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Journal of Autism and Developmental Disorders

, Volume 44, Issue 8, pp 1833–1845 | Cite as

Downregulation of GABAA Receptor Protein Subunits α6, β2, δ, ε, γ2, θ, and ρ2 in Superior Frontal Cortex of Subjects with Autism

  • S. Hossein Fatemi
  • Teri J. Reutiman
  • Timothy D. Folsom
  • Oyvind G. Rustan
  • Robert J. Rooney
  • Paul D. Thuras
Original Paper

Abstract

We measured protein and mRNA levels for nine gamma-aminobutyric acid A (GABAA) receptor subunits in three brain regions (cerebellum, superior frontal cortex, and parietal cortex) in subjects with autism versus matched controls. We observed changes in mRNA for a number of GABAA and GABAB subunits and overall reduced protein expression for GABAA receptor alpha 6 (GABRα6), GABAA receptor beta 2 (GABRβ2), GABAA receptor delta (GABRδ), GABAA receptor epsilon (GABRε), GABAA receptor gamma 2 (GABRγ2), GABAA receptor theta (GABRθ), and GABAA receptor rho 2 (GABRρ2) in superior frontal cortex from subjects with autism. Our data demonstrate systematic changes in GABAA&B subunit expression in brains of subjects with autism, which may help explain the presence of cognitive abnormalities in subjects with autism.

Keywords

Autism GABA Brain GABRα6 Frontal cortex GABRβ2 

Notes

Acknowledgments

Human tissue was obtained from the Eunice Kennedy Shriver National Institute for Child Health and Human Development (NICHD) Brain and Tissue Bank for Developmental Disorders, University of Maryland, Baltimore, MD (The role of the NICHD Brain and Tissue Bank is to distribute tissue, and therefore, cannot endorse the studies performed or the interpretation of results); the Harvard Brain Tissue Resource Center, which is supported in part by Public Health Service grant number R24 MH068855; the Brain Endowment Bank, which is funded in part by the National Parkinson Foundation, Inc., Miami, Florida; and the Autism Tissue Program and is gratefully acknowledged. Grant support by the Eunice Kennedy Shriver National Institute of Child Health and Human Development (#5R01HD052074-01A2 and 3R01HD052074-03S1) and the Minnesota Medical Foundation Alfred and Ingrid Lenz Harrison Autism Initiative Fund to SHF is gratefully acknowledged. Dr. Fatemi is currently supported by the Bernstein Endowed Professorship in Adult Psychiatry.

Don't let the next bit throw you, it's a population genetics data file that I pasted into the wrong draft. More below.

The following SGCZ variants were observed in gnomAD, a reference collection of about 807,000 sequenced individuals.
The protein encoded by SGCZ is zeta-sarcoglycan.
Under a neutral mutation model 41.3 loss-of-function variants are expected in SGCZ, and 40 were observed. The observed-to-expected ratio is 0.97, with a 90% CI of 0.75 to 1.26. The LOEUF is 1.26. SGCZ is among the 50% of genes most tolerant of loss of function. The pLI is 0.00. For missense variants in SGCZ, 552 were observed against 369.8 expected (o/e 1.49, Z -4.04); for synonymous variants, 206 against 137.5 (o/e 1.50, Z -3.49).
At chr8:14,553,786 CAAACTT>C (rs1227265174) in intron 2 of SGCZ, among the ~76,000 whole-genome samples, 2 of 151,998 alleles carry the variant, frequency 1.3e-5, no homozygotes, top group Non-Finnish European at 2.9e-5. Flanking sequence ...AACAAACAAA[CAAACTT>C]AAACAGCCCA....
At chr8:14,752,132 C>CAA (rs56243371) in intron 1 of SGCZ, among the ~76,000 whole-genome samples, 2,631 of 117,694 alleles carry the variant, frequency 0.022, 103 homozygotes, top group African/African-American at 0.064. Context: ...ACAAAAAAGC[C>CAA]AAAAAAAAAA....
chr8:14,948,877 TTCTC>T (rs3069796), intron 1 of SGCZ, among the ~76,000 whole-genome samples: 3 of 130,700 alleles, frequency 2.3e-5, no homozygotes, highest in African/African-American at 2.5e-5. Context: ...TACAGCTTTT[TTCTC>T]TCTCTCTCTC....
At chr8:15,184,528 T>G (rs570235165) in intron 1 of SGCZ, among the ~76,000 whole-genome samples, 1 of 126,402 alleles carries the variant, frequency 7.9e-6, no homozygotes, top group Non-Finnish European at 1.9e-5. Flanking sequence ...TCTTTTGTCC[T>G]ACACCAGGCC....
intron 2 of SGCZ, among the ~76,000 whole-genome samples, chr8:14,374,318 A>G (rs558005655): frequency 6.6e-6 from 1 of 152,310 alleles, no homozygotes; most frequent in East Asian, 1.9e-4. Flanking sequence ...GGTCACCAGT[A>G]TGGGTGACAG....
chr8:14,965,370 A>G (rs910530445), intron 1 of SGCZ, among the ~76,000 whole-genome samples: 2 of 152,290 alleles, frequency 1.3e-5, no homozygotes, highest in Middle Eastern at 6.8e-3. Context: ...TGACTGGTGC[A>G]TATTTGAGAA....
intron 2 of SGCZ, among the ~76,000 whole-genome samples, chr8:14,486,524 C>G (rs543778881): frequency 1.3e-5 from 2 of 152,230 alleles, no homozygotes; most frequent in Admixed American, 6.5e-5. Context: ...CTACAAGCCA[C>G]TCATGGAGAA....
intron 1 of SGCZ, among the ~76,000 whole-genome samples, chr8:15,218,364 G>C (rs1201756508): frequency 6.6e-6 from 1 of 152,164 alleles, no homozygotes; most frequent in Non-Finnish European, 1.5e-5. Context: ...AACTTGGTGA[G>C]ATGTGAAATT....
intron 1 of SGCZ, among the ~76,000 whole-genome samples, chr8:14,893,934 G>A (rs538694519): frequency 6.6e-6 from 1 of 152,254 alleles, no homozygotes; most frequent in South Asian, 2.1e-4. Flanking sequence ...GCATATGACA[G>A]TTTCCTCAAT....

Conflict of interest

The authors declare that there is no conflict of interest.

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Copyright information

© Springer Science+Business Media New York 2014

Authors and Affiliations

  • S. Hossein Fatemi
    • 1
    • 2
    • 3
  • Teri J. Reutiman
    • 4
  • Timothy D. Folsom
    • 1
  • Oyvind G. Rustan
    • 5
  • Robert J. Rooney
    • 6
  • Paul D. Thuras
    • 7
  1. 1.Division of Neuroscience Research, Department of PsychiatryUniversity of Minnesota Medical SchoolMinneapolisUSA
  2. 2.Department of PharmacologyUniversity of Minnesota Medical SchoolMinneapolisUSA
  3. 3.Department of NeuroscienceUniversity of Minnesota Medical SchoolMinneapolisUSA
  4. 4.Regions HospitalSt. PaulUSA
  5. 5.Oslo University HospitalOsloNorway
  6. 6.Genome ExplorationsMemphisUSA
  7. 7.Department of Psychiatry (116A)Minneapolis Veterans Administration Medical CenterMinneapolisUSA

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